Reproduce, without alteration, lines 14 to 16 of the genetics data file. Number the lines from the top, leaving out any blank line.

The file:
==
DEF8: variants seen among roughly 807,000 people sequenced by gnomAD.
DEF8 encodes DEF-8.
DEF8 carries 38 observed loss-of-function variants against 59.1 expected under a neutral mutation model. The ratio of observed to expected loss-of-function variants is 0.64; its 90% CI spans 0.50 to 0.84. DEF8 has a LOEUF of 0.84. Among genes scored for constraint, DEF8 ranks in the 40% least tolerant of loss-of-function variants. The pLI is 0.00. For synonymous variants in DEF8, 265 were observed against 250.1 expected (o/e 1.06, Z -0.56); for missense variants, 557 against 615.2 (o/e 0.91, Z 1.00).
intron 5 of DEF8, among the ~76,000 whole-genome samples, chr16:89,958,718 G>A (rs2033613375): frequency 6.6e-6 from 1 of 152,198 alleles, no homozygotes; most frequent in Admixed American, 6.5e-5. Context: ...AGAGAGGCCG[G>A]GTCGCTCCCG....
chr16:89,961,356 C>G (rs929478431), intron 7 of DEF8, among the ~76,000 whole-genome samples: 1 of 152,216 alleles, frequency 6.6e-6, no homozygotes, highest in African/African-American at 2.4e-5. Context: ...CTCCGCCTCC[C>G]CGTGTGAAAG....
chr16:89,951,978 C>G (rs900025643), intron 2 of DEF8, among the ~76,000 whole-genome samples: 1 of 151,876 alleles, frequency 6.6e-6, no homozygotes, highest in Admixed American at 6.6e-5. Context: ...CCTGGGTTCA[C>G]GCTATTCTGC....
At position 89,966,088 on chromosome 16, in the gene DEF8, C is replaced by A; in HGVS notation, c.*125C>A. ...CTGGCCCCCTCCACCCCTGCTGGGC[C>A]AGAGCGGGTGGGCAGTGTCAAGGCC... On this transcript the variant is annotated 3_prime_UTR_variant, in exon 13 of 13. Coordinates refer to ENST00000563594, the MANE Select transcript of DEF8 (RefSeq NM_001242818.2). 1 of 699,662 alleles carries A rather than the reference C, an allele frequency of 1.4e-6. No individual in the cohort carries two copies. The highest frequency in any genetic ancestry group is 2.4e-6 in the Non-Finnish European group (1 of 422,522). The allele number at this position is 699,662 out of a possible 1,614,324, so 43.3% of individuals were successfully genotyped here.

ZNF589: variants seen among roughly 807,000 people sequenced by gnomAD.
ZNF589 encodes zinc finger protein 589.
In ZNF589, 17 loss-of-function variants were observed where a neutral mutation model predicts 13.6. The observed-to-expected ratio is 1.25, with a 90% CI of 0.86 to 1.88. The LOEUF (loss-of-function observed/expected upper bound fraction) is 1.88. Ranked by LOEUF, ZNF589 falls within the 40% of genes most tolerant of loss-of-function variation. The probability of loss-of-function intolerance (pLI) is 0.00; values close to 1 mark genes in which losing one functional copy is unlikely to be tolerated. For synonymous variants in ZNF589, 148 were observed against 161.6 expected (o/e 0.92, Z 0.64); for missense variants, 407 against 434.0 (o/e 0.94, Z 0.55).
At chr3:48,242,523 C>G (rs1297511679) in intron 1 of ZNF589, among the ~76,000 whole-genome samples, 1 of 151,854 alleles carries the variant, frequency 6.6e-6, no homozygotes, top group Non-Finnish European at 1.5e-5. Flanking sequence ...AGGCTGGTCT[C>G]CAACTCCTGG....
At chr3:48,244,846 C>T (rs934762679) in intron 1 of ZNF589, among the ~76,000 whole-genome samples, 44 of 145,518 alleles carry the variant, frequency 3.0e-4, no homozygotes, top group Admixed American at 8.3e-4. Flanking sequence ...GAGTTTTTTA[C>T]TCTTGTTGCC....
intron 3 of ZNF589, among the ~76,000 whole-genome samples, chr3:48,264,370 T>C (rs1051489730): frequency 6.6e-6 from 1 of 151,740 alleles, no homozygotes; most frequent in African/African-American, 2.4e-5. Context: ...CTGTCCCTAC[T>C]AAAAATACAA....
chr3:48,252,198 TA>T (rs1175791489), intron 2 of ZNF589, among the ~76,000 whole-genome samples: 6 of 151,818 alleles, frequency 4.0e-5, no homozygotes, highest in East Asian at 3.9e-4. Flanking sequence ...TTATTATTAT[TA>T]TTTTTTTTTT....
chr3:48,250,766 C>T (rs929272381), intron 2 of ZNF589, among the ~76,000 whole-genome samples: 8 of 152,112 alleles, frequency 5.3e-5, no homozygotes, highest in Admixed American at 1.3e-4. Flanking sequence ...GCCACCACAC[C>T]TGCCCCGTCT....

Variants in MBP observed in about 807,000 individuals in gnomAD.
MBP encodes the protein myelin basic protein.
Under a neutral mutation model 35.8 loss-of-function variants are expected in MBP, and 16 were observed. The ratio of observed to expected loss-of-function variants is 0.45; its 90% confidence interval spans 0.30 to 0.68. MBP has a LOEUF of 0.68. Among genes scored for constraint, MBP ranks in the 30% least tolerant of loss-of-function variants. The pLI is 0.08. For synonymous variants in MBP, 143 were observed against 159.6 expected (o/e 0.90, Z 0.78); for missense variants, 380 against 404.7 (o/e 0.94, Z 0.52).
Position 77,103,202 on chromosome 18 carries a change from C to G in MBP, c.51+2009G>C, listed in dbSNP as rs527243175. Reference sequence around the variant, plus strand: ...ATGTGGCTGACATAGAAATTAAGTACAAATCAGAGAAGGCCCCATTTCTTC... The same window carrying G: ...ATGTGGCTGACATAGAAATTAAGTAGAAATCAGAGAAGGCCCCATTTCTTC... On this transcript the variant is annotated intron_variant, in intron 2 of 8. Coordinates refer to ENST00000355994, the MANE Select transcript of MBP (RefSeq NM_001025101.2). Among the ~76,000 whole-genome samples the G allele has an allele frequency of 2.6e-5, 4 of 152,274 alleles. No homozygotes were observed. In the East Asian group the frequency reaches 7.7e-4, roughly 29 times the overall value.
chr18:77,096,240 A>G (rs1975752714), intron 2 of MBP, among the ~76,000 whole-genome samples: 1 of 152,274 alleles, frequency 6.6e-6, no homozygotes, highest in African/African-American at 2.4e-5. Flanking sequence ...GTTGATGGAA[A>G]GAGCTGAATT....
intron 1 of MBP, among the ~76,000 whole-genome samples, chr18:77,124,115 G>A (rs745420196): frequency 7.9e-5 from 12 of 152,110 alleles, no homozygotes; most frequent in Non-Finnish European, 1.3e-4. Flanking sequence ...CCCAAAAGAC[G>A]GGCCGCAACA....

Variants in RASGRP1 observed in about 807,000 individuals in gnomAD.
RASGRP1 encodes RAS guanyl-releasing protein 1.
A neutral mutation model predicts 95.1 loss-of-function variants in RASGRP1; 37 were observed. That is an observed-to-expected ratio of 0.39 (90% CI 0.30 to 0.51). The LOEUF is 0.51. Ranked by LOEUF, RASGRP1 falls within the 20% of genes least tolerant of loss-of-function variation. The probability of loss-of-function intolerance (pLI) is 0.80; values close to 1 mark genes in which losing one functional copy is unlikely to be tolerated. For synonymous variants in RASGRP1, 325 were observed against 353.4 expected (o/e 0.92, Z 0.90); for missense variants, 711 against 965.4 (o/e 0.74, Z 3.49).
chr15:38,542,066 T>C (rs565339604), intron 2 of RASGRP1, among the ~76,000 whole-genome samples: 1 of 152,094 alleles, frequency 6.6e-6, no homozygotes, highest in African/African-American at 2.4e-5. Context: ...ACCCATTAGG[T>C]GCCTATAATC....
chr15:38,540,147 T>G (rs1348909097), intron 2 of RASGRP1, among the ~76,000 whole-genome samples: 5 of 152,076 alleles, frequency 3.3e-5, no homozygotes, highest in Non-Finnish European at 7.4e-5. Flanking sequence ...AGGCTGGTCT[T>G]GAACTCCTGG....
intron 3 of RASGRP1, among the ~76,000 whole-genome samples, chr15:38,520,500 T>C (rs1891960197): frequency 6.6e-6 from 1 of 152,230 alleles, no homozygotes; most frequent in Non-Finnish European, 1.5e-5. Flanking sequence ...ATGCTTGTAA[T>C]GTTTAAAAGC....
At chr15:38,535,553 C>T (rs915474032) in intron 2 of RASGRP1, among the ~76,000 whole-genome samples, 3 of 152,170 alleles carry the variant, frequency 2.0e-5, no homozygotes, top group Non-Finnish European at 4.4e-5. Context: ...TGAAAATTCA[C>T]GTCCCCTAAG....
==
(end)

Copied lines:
chr3:48,252,198 TA>T (rs1175791489), intron 2 of ZNF589, among the ~76,000 whole-genome samples: 6 of 151,818 alleles, frequency 4.0e-5, no homozygotes, highest in East Asian at 3.9e-4. Flanking sequence ...TTATTATTAT[TA>T]TTTTTTTTTT....
chr3:48,250,766 C>T (rs929272381), intron 2 of ZNF589, among the ~76,000 whole-genome samples: 8 of 152,112 alleles, frequency 5.3e-5, no homozygotes, highest in Admixed American at 1.3e-4. Flanking sequence ...GCCACCACAC[C>T]TGCCCCGTCT....

Variants in MBP observed in about 807,000 individuals in gnomAD.